City of Seattle v. Schaffer

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71 Wn.2d 600 (1967)

430 P.2d 183

THE CITY OF SEATTLE, Respondent, v. LAWRENCE SCHAFFER, Appellant.[*]

No. 38702.

The Supreme Court of Washington, Department Two.

July 13, 1967.

William F. Lockett, for appellant.

A.L. Newbould and Denny Anderson, for respondent.


This is an appeal from a judgment and sentence entered by the Superior Court for King County, upon finding appellant guilty of three violations of § 2 of ordinance No. 64599, as amended (§ 16.04.020 of the Seattle Code), which is set forth below,[1] imposing a fine of $250 and 30 days' imprisonment in the Seattle city jail for each violation.

*601 Appellant had originally been charged by three complaints filed in the municipal court of Seattle with the same three violations of the aforesaid ordinance. After a trial, that court found appellant guilty on all three complaints and sentenced appellant to serve 180 days in the city jail on each complaint (sentences to run consecutively) and imposed a fine of $500 in each instance.

In his brief in this court, appellant states that he "inadvertently" gave timely notice of appeal from the three sentences imposed by the municipal court. He also filed three appeal bonds in support thereof.

The three complaints filed in the municipal court charged appellant with the following offenses:

(1) The unlawful sale at his place of residence of one bottle of whiskey to an agent of the State Liquor Control Board on September 19, 1965;

(2) The unlawful sale of another bottle of whiskey to the same agent at the same location on October 3, 1965;

(3) The willful and unlawful possession of certain intoxicating liquor at the same location on October 3, 1965; all of the aforesaid acts being in violation of the ordinance referred to above.

The cause came on for trial in the superior court before a judge sitting without a jury. The city introduced evidence in support of each complaint. Appellant did not testify or present any evidence.

At the close of the trial, the court orally stated that, in its opinion, the state had proven appellant guilty of the three acts complained of beyond a reasonable doubt. Later, the court signed its judgment and sentence finding appellant guilty on each charge and imposing a fine of $250 and a sentence of 30 days in the city jail as to each charge (with two periods of confinement suspended). Appellant has appealed from this judgment and sentence.

During the pendency of this appeal, the trial court, pursuant to the order of this court by which the cause was remanded for that limited purpose, entered findings of fact and conclusions of law. These are required in all criminal cases tried to the court without a jury. State v. Mallory, 69 *602 Wn.2d. 532, 419 P.2d 324 (1966), and State v. Wilks, 70 Wn.2d 626, 424 P.2d 663 (1967).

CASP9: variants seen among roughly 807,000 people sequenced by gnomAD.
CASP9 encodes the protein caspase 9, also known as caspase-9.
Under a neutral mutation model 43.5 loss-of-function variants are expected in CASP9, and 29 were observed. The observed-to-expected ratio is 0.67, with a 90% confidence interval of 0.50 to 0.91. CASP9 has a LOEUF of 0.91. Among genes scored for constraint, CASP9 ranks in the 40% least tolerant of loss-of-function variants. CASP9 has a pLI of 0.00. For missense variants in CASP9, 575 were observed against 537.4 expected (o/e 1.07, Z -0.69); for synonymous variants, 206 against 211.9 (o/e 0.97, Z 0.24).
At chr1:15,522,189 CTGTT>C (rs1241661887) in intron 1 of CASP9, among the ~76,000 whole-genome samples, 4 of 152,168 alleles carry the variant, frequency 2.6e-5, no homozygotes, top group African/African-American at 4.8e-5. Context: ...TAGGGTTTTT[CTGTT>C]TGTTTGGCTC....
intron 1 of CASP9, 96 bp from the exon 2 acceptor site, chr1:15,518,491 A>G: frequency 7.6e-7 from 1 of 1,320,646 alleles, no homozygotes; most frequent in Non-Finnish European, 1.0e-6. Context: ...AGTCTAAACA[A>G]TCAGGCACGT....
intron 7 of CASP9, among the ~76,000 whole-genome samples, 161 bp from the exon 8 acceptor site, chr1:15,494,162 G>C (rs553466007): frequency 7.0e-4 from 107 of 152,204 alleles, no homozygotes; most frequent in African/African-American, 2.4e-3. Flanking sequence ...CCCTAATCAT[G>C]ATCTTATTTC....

The only two assignments of error claimed by appellant in his brief are:

1. The Court erred in holding that its verdict was sustained by the evidence. 2. The Court erred in holding that a mere statutory presumption is sufficient to sustain a finding of guilty as opposed to merely a prima facie case.

[1] As to the first assignment, since no error is assigned to the trial court's findings of fact, we must accept them as the established facts of the case. State v. Bell, 59 Wn.2d 338, 368 P.2d 177 (1962). Here, the findings are based on the testimony of the state's witnesses (as stated, appellant introduced no testimony), and they established appellant's guilt as to each of the three charges beyond a reasonable doubt.

[2] In his second assignment of error, appellant asserts that the trial court erred in holding that "a mere statutory presumption is sufficient to sustain a finding of guilty as opposed to merely a prima facie case." This assignment is not supported by any argument in appellant's brief. For this reason it cannot be considered by this court. State v. Bell, supra.

Although there is no assignment of error to which it is applicable, appellant argues that the judgment and sentence entered by the municipal court was in excess of its powers and contrary to law, and, therefore, void. Even if this question were properly before us, there is no merit in this contention. What happened in the municipal court is now immaterial. As stated by this court in Seattle v. Buerkman, 67 Wn.2d 537, 540, 408 P.2d 258 (1965):

The superior court has jurisdiction over an appeal, properly perfected, in which case the trial therein is de novo, and on the merits, without reference to any irregularities which may have occurred in the lower court. State v. Miller, supra [59 Wn.2d 27, 365 P.2d 612 (1961)]; State v. Buckman, supra [51 Wn.2d 827, 322 P.2d 881 (1958)].

*603 Since we find no reversible error on the part of the trial court in either of the two respects in which appellant complains in his two assignments of error, its judgment and sentence is hereby affirmed.

FINLEY, C.J., HAMILTON, J., and BARNETT, J. Pro Tem., concur.


[*] Reported in 430 P.2d 183.

[1] "It is unlawful to manufacture, import, transport, possess, distribute, use or sell liquor, as defined herein or in the Washington State Liquor Act (Chapter 62, Laws of 1933, Ex. Ses., as now or hereafter amended, RCW Title 66) except as now or hereafter authorized or permitted by said Act or by rules or regulations of the Washington State Liquor Control Board now or hereafter made pursuant thereto."

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